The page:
Baby Holly popped out into the world five months ago, the first thing she saw was the flashing of a camera courtesy of the midwife. They’re not photos I’m keen to share, by the way. In fact, they’re not photos I particularly wanted taken. But, despite not having the stomach to look at them, I also don’t have the heart to destroy them.
My point is, technology is everywhere, so it’s hard to shield our li’l ones from it. However, I believe there’s a limit on when and how much. While we were unsuccessful in not allowing Ella TV before age two, the rule has been strictly adhered to for technology.
Every child and every family will be different. Now at three, Princess Ella has already been exposed to her nan’s iPhone and played games and watched clips on the ABC website (she knows the web address by heart, thanks to Giggle and Hoot). But it’s been in moderation and with mum and dad assisting.
Before they’re bamboozled with iPads and iPhones, I want our girls to learn to write their name on a piece of paper with that wooden thing called a pencil. Let’s paint a picture with “real’’ paint, not some computerised paint program that has a pop-up telling you Dora is your friend. Make music using instruments – yes, a saucepan is so an instrument. And let’s look at nature actually in the outdoors (view our post tomorrow as part of Sunday Selections).
Technology can be fun and educational, but there’s nothing quite like the real thing. My goal for my two girls is simply to aim for some balance. And somehow manage to keep Holly away from it until she turns two – but I know the chances of that are as likely as Bill Gates going broke. Then, the fun really begins. Just ask Shelly from Tropical Mum.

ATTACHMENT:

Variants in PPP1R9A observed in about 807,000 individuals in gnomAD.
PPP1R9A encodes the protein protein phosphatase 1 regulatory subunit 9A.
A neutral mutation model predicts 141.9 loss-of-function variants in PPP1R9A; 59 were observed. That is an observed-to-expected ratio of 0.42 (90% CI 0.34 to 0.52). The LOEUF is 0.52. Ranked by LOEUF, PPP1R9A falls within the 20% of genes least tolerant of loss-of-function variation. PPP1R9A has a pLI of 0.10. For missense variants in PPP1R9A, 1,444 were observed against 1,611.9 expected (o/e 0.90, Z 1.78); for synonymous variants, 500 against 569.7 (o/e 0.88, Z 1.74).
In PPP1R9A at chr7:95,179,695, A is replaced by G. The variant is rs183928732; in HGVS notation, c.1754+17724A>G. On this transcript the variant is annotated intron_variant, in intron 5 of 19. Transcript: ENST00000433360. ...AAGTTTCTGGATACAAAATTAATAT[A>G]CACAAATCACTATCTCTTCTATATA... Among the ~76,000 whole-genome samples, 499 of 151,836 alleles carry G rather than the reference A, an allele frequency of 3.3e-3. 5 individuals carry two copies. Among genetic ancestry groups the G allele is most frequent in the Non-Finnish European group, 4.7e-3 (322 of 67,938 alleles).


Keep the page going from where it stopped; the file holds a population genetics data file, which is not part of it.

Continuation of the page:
THERE is only a small number of minor issues with exposing your child to technology at a young age. One such issue became obvious when I showed Princess Ella a butterfly just resting on the screen door yesterday afternoon. The butterfly, obviously knackered by a full day of doing whatever the heck it is butterflies do, was enjoying a lovely rest and was not moving an inch. Ella looked at it closely, looked at me and look at it again. She then looked up at me and in the most innocent tones asked: “Has it run out of batteries?”
A tentative grasp on reality aside, there should be little fear when introducing your child to the wonders of modern technology. God knows, this generation of kids is going to grow up in a world dominated by it.
It’s interesting to see my good wife try and argue otherwise as we both sit here with a laptop each on our laps, connected to our wireless broadband network and iPhone within easy reach. Seriously, the sooner kids learn to deal with technology the better prepared they will be to deal with life in the 21st century.
Just cast your mind back 10 years. A decade ago, when our marriage was in its infancy, we had dial up internet, which would drop out more than it would connect, a desktop computer which took up a whole desktop and a mobile phone which did nothing but make phone calls and send text messages (how did we cope!).
Well in 2021, imagine the world Princess Ella will be living in as a 13-year-old. My guess is she won’t attend school as kids will attend virtual classrooms, she’ll have an iPad the size of a Golden Book and will be capable of texting at a rate of 233 words per second. So, why fight it?
My only hope is, that by the time Ella is actually a teenager, there’s an iPhone app I can download which gives me the names and addresses of any boy who dares look twice at her.
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This post was part of Day 19 of 31 Days To Build A Better Blog – write an opinion piece.